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erity of the heart. These despondent must communicate their fears and anxieties. Though timid and backward at first, the frequent escape of thoughtless expressions, in the character of a jest, from individuals of known standing and firmness, will impart tone and confidence. Converts will be made, While we have the most immovable confidence and faith in the genuine "gril" of the Southern people as a nation, yet we know that all are not composed of that iron texture of which Beauregard and Johnston are made. Hence, impressions, dangerous impressions may be made from the slightest indentures on the exterior surface. Therefore, those of our citizens who are in the it of uttering such thoughtless expressions, in the form of "fun," should remember the serious evils which may be thus originated. In reality, these are not the times for such jests. We want truths now, couped with united, vigorous, and determined action. Enough gloom now pervades the hearts of our people. The loss of f
Confederate CongressFirst session.Senate. Tuesday, March 25, 1862. The Senate met at 12 o'clock. Prayer by Rev. Dr. M. D. Hoge, of the Presbyterian Church. Committees were called on for reports, but none being presented. On motion of Mr. Johnston, of Arkansas, the Senate went into secret legislative session.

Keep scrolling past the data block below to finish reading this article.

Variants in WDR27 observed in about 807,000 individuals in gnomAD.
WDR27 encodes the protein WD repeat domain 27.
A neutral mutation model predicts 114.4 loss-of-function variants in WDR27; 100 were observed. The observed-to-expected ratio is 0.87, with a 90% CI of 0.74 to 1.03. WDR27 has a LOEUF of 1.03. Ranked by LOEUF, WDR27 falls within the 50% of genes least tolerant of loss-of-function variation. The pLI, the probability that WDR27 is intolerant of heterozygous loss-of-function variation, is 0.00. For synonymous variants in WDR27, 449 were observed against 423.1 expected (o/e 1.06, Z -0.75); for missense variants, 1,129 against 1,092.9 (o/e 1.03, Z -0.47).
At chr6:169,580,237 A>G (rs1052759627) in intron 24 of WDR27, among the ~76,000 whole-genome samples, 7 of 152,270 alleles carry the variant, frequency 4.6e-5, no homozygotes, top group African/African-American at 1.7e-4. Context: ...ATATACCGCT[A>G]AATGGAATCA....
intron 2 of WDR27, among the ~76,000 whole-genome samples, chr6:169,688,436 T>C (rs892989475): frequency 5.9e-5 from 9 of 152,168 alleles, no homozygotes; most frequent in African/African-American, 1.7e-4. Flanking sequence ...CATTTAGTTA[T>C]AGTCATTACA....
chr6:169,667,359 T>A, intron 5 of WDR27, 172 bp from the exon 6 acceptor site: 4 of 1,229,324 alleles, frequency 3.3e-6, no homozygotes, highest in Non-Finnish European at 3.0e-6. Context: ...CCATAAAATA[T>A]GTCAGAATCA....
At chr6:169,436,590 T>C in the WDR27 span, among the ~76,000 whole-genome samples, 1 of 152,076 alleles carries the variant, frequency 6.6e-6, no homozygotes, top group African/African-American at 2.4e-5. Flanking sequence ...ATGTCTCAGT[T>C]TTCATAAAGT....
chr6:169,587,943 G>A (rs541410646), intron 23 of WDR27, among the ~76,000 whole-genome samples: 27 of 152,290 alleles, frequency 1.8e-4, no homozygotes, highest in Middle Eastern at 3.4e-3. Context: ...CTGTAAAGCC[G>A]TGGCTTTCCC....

amendment was adopted, and the resolution, as amended, was agreed to. Bills passed. A bill amending an act incorporating the Confederate Mutual Life Insurance Company. A communication on the subject of Military Exemptions was received from the Executive, marked "confidential;" whereupon the Senate went into secret session. The Governor, in his communication, objects to the number of exemptions allowed by the Legislature as seriously impairing the military force of the State. The doors being again opened, a bill "to carry into effect a contract with the lessees of the Washington and Smythe Salt Works for the purchase of salt," (providing for the equitable distribution of salt so purchased,) was taken up. Mr. Johnston offered as a substitute a bill providing for the purchase of the Salt Works. The substitute was rejected, and the bill, after being variously amended, was ordered to be engrossed and read a third time. On motion, the Senate adjourned.
New map. --Messrs. West & Johnston, of this city, have just published a colored map of North and South Carolina, which at this time will prove eminently useful to those who wish to familiarize themselves with the to laities on the coast which have been prominent in the history of the war. This map points out all the counties and towns, rivers and inlets, as well as everything else of interest to the student of geography. Price $1 per copy.